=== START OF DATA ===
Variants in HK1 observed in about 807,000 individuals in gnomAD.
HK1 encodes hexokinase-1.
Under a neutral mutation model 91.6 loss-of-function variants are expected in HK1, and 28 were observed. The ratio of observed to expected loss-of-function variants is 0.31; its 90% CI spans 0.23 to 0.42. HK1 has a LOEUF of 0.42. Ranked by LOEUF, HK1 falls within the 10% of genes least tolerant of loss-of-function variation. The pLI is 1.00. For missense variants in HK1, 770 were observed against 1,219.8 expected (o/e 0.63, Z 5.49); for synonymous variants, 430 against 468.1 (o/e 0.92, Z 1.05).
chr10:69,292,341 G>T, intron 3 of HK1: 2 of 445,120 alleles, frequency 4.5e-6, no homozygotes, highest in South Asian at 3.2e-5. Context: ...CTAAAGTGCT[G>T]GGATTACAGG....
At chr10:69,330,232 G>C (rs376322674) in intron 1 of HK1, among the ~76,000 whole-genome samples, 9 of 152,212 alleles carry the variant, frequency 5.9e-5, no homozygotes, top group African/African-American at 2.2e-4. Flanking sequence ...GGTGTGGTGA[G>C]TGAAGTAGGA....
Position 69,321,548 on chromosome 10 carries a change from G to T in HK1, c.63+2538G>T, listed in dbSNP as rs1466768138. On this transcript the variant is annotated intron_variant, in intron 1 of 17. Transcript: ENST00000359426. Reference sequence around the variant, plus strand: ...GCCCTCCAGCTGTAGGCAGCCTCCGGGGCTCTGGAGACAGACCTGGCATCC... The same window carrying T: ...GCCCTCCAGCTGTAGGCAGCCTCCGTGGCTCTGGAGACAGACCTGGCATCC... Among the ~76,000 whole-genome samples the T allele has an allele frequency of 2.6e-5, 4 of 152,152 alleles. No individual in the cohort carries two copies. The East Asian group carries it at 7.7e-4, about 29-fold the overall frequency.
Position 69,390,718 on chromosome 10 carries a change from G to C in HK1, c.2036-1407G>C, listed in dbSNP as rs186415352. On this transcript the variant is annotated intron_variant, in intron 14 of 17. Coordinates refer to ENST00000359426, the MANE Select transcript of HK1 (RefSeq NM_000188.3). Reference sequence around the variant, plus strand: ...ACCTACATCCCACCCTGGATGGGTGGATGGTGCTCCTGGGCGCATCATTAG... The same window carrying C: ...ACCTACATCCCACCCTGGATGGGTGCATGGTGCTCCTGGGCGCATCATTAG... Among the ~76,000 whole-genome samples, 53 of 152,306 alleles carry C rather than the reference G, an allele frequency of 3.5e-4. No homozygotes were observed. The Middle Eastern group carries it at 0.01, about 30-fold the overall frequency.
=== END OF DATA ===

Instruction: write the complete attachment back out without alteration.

Variants in HK1 observed in about 807,000 individuals in gnomAD.
HK1 encodes hexokinase-1.
Under a neutral mutation model 91.6 loss-of-function variants are expected in HK1, and 28 were observed. The ratio of observed to expected loss-of-function variants is 0.31; its 90% CI spans 0.23 to 0.42. HK1 has a LOEUF of 0.42. Ranked by LOEUF, HK1 falls within the 10% of genes least tolerant of loss-of-function variation. The pLI is 1.00. For missense variants in HK1, 770 were observed against 1,219.8 expected (o/e 0.63, Z 5.49); for synonymous variants, 430 against 468.1 (o/e 0.92, Z 1.05).
chr10:69,292,341 G>T, intron 3 of HK1: 2 of 445,120 alleles, frequency 4.5e-6, no homozygotes, highest in South Asian at 3.2e-5. Context: ...CTAAAGTGCT[G>T]GGATTACAGG....
At chr10:69,330,232 G>C (rs376322674) in intron 1 of HK1, among the ~76,000 whole-genome samples, 9 of 152,212 alleles carry the variant, frequency 5.9e-5, no homozygotes, top group African/African-American at 2.2e-4. Flanking sequence ...GGTGTGGTGA[G>C]TGAAGTAGGA....
Position 69,321,548 on chromosome 10 carries a change from G to T in HK1, c.63+2538G>T, listed in dbSNP as rs1466768138. On this transcript the variant is annotated intron_variant, in intron 1 of 17. Transcript: ENST00000359426. Reference sequence around the variant, plus strand: ...GCCCTCCAGCTGTAGGCAGCCTCCGGGGCTCTGGAGACAGACCTGGCATCC... The same window carrying T: ...GCCCTCCAGCTGTAGGCAGCCTCCGTGGCTCTGGAGACAGACCTGGCATCC... Among the ~76,000 whole-genome samples the T allele has an allele frequency of 2.6e-5, 4 of 152,152 alleles. No individual in the cohort carries two copies. The East Asian group carries it at 7.7e-4, about 29-fold the overall frequency.
Position 69,390,718 on chromosome 10 carries a change from G to C in HK1, c.2036-1407G>C, listed in dbSNP as rs186415352. On this transcript the variant is annotated intron_variant, in intron 14 of 17. Coordinates refer to ENST00000359426, the MANE Select transcript of HK1 (RefSeq NM_000188.3). Reference sequence around the variant, plus strand: ...ACCTACATCCCACCCTGGATGGGTGGATGGTGCTCCTGGGCGCATCATTAG... The same window carrying C: ...ACCTACATCCCACCCTGGATGGGTGCATGGTGCTCCTGGGCGCATCATTAG... Among the ~76,000 whole-genome samples, 53 of 152,306 alleles carry C rather than the reference G, an allele frequency of 3.5e-4. No homozygotes were observed. The Middle Eastern group carries it at 0.01, about 30-fold the overall frequency.